Ask three people what it means to be “led by the Spirit,” and you will get five different opinions. For many, to be led by the Spirit simply means to get in tune with our random impulses and sanctify every emotional urge with “the Lord led me” to do this, that or a dozen other things. And while it is true that being led by the Spirit includes being sensitive to the voice of Christ within, being led really is much more practical than that–and more wonderful than that at the same time.
The idea of “being led by the Spirit” comes from Romans 8:14 where Paul said: “For all who are led by the Spirit of God are sons of God.” Paul’s direct reference is how we as a new Israel are led by the Spirit into a new exodus that takes us out of slavery into sonship. We are led by the Spirit from attempting to live righteously because we are commanded to do so to living righteously because we desire to do so. We are led by the Spirit, the Holy Spirit that dwells within our human spirit and prompts our heart to live right willingly–free will-y, as it were. That is the entire point of Romans 8.
That is the theology of “being led by the Spirit.” But how do we live out “being led” in daily life? Here are a few suggestions:
1. Read your Bible. The Scriptures are God-breathed, and if you want to be led by the Spirit, you must hear what the Spirit is saying through the Word of God. The words of Scripture are the vocabulary of the Holy Spirit. Read, and he will speak.
2. Pray every day, all day. Keep an ongoing conversation with the Holy Spirit. Prayer allows the Holy Spirit to sort out our motives and renew our mind to think the thoughts of Christ as we meditate on Scripture. Prayer wrestles with our will and submits it to God. We are led by the Spirit as we pray in the Spirit.
3. Gather and talk. When we gather with the people of God, we are led by the Spirit at work in the body of Christ. The Spirit at work in the church speaks to us through the teaching of the Word and the shared counsel of others who are living the same life we are. Talk about your decisions with others who share your faith.
4. Stop, look and listen. When we develop the daily habit of reading the Bible, praying and taking seriously the input of other believers, we can then safely trust ourselves to hear the voice of the Spirit within. The inner voice that we hear will not be merely our own desires masked as the will of God. Reading through the Word, sorting out our motives in prayer, receiving wise counsel from others–all of this trains our inner ear to discern the voice of our Shepherd when he speaks.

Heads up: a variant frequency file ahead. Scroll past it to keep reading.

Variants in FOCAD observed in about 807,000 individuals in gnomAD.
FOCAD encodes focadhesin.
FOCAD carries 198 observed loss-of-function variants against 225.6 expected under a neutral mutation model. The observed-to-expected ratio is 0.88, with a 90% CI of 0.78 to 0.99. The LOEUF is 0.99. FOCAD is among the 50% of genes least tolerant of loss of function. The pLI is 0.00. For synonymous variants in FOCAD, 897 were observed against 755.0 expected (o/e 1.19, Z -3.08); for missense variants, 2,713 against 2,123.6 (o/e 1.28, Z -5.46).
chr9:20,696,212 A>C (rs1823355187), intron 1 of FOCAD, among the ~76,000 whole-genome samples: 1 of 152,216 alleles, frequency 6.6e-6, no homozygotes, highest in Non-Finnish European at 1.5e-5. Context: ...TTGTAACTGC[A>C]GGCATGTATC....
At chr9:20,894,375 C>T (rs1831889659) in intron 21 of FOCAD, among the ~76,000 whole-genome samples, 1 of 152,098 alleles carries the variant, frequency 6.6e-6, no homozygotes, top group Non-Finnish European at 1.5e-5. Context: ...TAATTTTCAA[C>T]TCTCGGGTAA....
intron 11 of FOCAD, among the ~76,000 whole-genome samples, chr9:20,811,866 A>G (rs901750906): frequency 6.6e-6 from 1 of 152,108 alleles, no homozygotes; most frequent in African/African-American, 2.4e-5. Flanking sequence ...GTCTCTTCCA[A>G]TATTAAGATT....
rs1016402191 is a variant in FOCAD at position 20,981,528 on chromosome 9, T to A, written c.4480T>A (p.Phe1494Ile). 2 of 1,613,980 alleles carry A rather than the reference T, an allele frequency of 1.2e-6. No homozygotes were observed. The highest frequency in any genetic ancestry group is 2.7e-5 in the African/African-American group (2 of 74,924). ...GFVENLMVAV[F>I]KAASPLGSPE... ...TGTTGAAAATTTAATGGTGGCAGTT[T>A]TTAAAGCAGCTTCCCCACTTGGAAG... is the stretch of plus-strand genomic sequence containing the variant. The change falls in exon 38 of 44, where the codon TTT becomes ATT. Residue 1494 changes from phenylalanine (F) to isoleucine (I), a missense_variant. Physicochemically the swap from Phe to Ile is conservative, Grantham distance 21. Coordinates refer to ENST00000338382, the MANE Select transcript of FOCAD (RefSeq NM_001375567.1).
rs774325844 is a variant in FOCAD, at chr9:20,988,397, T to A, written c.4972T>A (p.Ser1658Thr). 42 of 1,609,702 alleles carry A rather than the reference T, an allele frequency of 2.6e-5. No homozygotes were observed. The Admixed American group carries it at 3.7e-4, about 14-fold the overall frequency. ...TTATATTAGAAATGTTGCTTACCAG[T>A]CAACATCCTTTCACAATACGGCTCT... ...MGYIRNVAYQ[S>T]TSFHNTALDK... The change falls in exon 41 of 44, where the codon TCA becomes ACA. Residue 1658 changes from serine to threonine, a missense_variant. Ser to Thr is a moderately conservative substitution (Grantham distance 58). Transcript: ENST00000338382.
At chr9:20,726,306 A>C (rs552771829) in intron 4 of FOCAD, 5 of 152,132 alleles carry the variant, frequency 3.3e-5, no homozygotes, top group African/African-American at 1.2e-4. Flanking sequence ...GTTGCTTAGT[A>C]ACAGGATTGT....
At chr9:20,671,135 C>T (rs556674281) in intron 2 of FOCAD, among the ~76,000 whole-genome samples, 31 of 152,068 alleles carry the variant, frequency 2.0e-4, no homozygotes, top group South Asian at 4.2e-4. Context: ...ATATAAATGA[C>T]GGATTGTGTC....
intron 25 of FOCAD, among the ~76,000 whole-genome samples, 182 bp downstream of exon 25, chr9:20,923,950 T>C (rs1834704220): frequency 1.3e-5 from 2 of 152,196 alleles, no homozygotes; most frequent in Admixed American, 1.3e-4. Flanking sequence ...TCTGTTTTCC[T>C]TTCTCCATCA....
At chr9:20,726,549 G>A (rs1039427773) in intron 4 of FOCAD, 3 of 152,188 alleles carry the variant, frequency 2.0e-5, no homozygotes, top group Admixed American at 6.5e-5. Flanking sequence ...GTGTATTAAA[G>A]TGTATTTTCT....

That is a good start on being led by the Spirit.
Want to go a bit deeper? Check this out.
As I noted above, the background to Paul’s teaching on being led by the Spirit in Romans 8 is the exodus of Israel from the Old Covenant law to the New Covenant of Spirit-led life in Christ. When Paul talks about being led by the Spirit, he means specifically that we must be willing to cross over the sea from the flesh into the Spirit where we are no longer led by the rules and regulations of the law and are led by the direction of the Spirit. Slaves are told what to do; sons are advised as they figure out what to do. Slaves are commanded; sons are counseled.
Jesus spoke about being led like this in John 14 and 15. Jesus promised to send the Holy Spirit as the Paraclete, which is Greek (parakletos) for “guide” or “helper.” These days we might call the Paraclete the ultimate “life coach.” Jesus sent the Holy Spirit to come alongside us and guide us through the rugged terrain of life. He promised to guide us into all truth.
The Paraclete is also described by John the apostle as our defense attorney who rises to stand by our side in court and offer the astounding defense that Jesus has already paid the penalty for our crime. (1 John 2)
In Galatians 4 and 5, Paul speaks of the Holy Spirit as the Paraclete guiding a young son into maturity. The ultimate goal of Christian maturity is to “keep in step with the Spirit” (Galatians 5:25). A son, though he is an heir, is no different from a slave as long as he remains under the tutelage of an appointed guardian. But when he reaches majority and maturity, the guardian that once cracked his knuckles now walks alongside and advises him respectfully. The young son who once struggled to match his stride with the guardian now walks in step with his teacher. The teacher has now become his counselor.
This is how the Spirit works. The law of God was our guardian commanding us to obey the will of our Father. But now, in Christ, the Holy Spirit has become our counselor, teaching us as we walk alongside and seek his direction. But now, the decisions are up to the son. He must do what is right because he understands it and loves it. The law of God is written on the heart.
The Spirit leads us just as he fills us—from the inside out. As we keep in step with the Spirit, the Spirit provokes our emotions through conviction and love. As our emotions are stirred by the Spirit, our heart is softened and our neck is loosened. Our will surrenders to what is right as the Spirit teaches us the will and wisdom of God. Then, as the Spirit softens our will, our mind begins to open to the revelation of the Spirit as he teaches us the wisdom of God. He lays it all out and then offers us the choice to obey or insist on our own way. Because our emotions are engaged, our will is surrendered and our mind is now being renewed in Christ, we can make the decision to do what is right because we have internalized and externalized the wisdom of God. This is word made flesh, and it is how we fulfill the law by the Spirit.
This is what it means to be led by the Spirit.